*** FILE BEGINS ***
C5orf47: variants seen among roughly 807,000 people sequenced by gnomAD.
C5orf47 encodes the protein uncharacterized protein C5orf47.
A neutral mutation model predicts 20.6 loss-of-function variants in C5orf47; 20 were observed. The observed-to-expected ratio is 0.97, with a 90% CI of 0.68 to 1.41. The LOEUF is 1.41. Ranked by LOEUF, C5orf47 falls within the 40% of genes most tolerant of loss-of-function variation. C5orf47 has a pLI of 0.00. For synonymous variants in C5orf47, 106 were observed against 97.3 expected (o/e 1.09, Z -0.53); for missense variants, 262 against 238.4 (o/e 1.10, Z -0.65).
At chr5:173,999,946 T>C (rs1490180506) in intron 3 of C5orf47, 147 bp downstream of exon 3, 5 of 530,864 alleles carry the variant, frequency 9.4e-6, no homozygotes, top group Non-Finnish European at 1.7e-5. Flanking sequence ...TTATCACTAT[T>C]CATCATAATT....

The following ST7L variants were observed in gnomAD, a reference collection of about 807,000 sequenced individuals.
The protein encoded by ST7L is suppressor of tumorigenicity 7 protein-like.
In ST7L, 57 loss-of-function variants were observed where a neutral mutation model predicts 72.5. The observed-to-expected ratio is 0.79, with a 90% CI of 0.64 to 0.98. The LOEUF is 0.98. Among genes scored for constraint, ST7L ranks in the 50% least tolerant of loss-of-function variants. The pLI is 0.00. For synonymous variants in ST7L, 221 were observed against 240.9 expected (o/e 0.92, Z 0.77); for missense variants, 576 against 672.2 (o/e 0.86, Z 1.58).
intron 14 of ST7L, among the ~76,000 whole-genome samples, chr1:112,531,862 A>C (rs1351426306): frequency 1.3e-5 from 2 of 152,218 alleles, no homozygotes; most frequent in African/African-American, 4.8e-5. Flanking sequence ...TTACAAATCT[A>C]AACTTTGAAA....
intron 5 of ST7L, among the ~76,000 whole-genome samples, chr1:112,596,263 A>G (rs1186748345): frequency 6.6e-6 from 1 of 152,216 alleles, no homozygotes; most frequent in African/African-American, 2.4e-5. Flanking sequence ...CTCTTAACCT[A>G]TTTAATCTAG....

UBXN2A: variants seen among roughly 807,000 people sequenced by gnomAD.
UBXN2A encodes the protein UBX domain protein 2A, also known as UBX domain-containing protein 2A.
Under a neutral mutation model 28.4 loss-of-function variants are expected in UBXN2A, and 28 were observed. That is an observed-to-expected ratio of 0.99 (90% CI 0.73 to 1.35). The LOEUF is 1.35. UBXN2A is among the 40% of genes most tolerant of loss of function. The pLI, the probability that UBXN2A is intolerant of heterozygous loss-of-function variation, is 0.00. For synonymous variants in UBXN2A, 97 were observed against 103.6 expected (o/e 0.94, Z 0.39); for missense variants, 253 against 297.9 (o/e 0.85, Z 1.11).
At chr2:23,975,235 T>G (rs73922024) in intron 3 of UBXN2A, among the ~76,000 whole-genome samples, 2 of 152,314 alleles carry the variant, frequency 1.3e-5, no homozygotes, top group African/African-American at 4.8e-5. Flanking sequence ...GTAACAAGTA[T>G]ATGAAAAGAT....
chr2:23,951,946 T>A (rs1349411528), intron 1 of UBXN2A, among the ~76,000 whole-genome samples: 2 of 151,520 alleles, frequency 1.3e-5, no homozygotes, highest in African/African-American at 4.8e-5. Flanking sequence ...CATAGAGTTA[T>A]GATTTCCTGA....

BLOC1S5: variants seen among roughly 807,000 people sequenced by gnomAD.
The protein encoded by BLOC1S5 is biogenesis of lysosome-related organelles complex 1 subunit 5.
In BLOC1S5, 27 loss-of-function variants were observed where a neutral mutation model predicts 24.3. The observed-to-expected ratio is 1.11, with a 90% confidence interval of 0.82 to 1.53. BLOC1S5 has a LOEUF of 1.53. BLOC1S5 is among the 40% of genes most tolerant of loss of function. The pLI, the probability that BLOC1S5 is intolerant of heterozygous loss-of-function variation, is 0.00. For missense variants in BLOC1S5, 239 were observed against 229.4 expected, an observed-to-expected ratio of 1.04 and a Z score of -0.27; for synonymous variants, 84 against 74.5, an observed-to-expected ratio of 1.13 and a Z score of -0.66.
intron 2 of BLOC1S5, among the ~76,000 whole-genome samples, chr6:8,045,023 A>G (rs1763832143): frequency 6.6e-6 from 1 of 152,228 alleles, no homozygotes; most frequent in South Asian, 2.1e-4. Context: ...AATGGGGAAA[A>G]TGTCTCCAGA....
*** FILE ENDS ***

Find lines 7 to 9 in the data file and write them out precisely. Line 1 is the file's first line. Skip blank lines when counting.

In ST7L, 57 loss-of-function variants were observed where a neutral mutation model predicts 72.5. The observed-to-expected ratio is 0.79, with a 90% CI of 0.64 to 0.98. The LOEUF is 0.98. Among genes scored for constraint, ST7L ranks in the 50% least tolerant of loss-of-function variants. The pLI is 0.00. For synonymous variants in ST7L, 221 were observed against 240.9 expected (o/e 0.92, Z 0.77); for missense variants, 576 against 672.2 (o/e 0.86, Z 1.58).
intron 14 of ST7L, among the ~76,000 whole-genome samples, chr1:112,531,862 A>C (rs1351426306): frequency 1.3e-5 from 2 of 152,218 alleles, no homozygotes; most frequent in African/African-American, 4.8e-5. Flanking sequence ...TTACAAATCT[A>C]AACTTTGAAA....
intron 5 of ST7L, among the ~76,000 whole-genome samples, chr1:112,596,263 A>G (rs1186748345): frequency 6.6e-6 from 1 of 152,216 alleles, no homozygotes; most frequent in African/African-American, 2.4e-5. Flanking sequence ...CTCTTAACCT[A>G]TTTAATCTAG....